Perfluorooctane Sulfonate C8 PFOS Chemical

PFOS Perfluorooctane Sulfonate and C8


PFOS – Perfluorooctane Sulfonate & C8

PFOS is perfluorooctane sulfonate, which is a fluorinated aliphatic compound that is highly stable, widely used in commercial goods, and harmful to the environment. This is a controversial chemical of concern because it directly poses wildlife and human health risk. Another major issue about PFOS is that it does not degrade in a reasonable time. In fact, this causes it to build-up in the environment. PFOS maintains an eight-carbon molecular structure, which is similar to other perfluoroalkyl and polyfluoroalkyl substances, such as PFOA. Furthermore, as a result of its mobility and bioaccumulation processes, perfluorooctane sulfonate is now observable in soil, groundwater, and live bodies around the world. Updated March 26, 2021.

Perfluorooctane Sulfonate C8 PFOS Chemical

Perfluorooctane Sulfonate C8 PFOS Chemical

Other Chemical Names

C8 refers to the 8-unit carbon chain compounds of the PFAS family, which are perfluoroalkyl and polyfluoroalkyl. And PFOS is part of the fluorinated aliphatic substance that is PFAS. The other part of PFAS is PFOA, which has served a similar industrial purpose as PFOS.

PFOS Chemical Properties & Perfluorooctane Sulfonate Molecular Formula

The perfluoroalkyl and polyfluoroalkyl substance, PFOS, has a chemical formula C8HF17O3S, and identifies as Chemical Abstracts Service Number (CAS) 1763-23-1. The substance typically exists as a white powder (a solid potassium salt). Unlike PFOA, PFOS has a boiling point of 133 degrees Celcius and a molecular weight of 500 grams per mol. Perfluorooctane sulfonate is also water-soluble at a concentration of 680 milligrams per liter, at a temperature of 25 degrees Celcius. 

Uses of Perfluorooctane Sulfonate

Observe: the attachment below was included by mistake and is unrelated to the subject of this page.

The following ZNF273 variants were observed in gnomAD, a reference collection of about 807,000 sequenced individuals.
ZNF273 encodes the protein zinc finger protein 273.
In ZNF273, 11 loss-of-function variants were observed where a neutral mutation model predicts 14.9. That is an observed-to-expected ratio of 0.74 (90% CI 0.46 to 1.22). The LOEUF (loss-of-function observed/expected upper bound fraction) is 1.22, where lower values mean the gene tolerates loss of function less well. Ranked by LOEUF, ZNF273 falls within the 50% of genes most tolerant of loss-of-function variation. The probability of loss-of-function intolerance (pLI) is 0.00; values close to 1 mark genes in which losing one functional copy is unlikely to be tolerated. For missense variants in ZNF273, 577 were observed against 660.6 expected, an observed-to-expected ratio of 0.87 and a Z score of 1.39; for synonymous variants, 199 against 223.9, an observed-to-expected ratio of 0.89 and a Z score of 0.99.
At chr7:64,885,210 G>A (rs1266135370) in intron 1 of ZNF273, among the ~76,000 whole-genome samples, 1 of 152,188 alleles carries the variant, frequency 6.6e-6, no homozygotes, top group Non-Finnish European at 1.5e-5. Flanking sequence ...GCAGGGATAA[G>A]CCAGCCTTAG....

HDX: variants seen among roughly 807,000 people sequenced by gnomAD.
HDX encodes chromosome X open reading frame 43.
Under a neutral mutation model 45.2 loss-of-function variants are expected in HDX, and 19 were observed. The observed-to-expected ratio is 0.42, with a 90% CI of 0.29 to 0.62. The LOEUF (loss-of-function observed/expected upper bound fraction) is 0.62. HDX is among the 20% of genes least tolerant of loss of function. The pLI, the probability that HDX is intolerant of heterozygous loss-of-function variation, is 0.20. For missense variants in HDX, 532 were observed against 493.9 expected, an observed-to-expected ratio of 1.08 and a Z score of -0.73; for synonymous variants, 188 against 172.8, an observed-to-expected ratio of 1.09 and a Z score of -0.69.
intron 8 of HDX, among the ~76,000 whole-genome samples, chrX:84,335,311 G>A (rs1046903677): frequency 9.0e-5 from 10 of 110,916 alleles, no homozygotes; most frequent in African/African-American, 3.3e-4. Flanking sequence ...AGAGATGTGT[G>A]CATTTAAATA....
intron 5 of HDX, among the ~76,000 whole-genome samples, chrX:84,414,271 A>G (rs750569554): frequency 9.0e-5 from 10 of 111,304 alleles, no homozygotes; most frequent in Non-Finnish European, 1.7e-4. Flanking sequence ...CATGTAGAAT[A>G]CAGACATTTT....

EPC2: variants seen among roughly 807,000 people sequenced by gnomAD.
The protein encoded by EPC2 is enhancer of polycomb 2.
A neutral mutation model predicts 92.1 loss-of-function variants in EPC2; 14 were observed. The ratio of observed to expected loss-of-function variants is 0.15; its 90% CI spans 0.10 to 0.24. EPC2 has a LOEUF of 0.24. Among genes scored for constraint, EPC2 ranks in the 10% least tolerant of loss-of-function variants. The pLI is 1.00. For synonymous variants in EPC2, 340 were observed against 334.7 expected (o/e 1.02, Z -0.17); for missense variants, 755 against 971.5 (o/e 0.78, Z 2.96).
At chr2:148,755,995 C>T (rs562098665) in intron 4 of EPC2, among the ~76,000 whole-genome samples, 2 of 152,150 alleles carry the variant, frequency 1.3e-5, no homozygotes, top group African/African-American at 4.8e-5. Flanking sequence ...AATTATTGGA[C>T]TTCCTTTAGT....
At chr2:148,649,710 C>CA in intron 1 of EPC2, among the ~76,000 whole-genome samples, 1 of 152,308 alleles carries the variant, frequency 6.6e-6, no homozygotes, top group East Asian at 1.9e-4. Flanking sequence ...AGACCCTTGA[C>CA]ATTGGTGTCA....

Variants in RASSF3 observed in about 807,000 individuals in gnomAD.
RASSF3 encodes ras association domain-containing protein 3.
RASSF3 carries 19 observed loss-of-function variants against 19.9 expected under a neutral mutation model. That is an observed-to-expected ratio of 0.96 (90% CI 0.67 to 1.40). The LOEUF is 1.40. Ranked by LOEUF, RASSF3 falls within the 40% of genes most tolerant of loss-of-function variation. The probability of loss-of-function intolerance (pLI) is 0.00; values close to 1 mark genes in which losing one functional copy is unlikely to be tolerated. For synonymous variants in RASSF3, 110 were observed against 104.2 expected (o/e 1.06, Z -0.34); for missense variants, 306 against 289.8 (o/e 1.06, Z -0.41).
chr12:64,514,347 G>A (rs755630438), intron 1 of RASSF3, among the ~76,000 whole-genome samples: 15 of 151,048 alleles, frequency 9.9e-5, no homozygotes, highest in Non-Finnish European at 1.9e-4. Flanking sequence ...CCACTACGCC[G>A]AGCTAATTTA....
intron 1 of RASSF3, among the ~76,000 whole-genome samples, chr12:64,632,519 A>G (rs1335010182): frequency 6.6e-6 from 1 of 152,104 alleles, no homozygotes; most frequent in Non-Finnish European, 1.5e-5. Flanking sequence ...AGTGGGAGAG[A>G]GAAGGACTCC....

The uses and applications of PFOS are similar to PFOA. In fact, the two chemicals of concern historically apply to replace one another in the manufacturing of industrial products and household goods. For example, C8 applies to most water-resistant materials, as well as non-stick pots and pans. It’s also likely to be present in various textiles, fire extinguishers, furniture.

PFOS - Perfluorooctane Sulfonate & C8

PFOS – C8 Water-Resistant Materials

Pollution and Contamination

The previous 50 years of industry in the United States comprises massive PFOS production and usage. And although government regulations for this substance are just recently in place, the industry reflects by limiting production. Nonetheless, detections of the chemical still exist in soil, water, and air samples from across the globe. The substance is also detectable in the blood of most bodies (people and animals). This C8 substance poses a serious concern because of its biopersistent quality. In other words, it does not break down easily in the environment and is not metabolize in the body within the average human lifespan.

C8 Pollution in Soil & Groundwater

Per the existing records and legal publications, the release of PFOS waste products into the environment is mostly rivers, landfills, and the atmosphere above them. Naturally, the chemical will contaminate the shallow soil first and then leach further into the subsurface. This process results in C8 soil contamination as well as groundwater pollution. Furthermore, this type of PFOS contamination can be a problem when the C8 plume interferes with the drawn-down of a municipal water supply. As a result, drinking water contamination occurs.

Human Health Risks

Scientists are just beginning to understand the health risks and environmental impact of perfluorooctanoic acid exposure. At the moment, the general consensus is that exposure at toxic levels may result in a variety of diseases, such as cancer and colitis, as well as thyroid, pregnancy and reproductive problems. However, continuous observation over the next century will be a requirement to fully understand the exposure ramifications.

PFOS Testing

Scientists are able to perform C8 testing procedures, to determine levels of PFOS in the environment. In fact, environmental professionals can test for PFOS, as well as PFOA within blood, soil, groundwater, drinking water, and rainwater.


Sources: 

United States National Library of Medicine

United States Environmental Protection Agency


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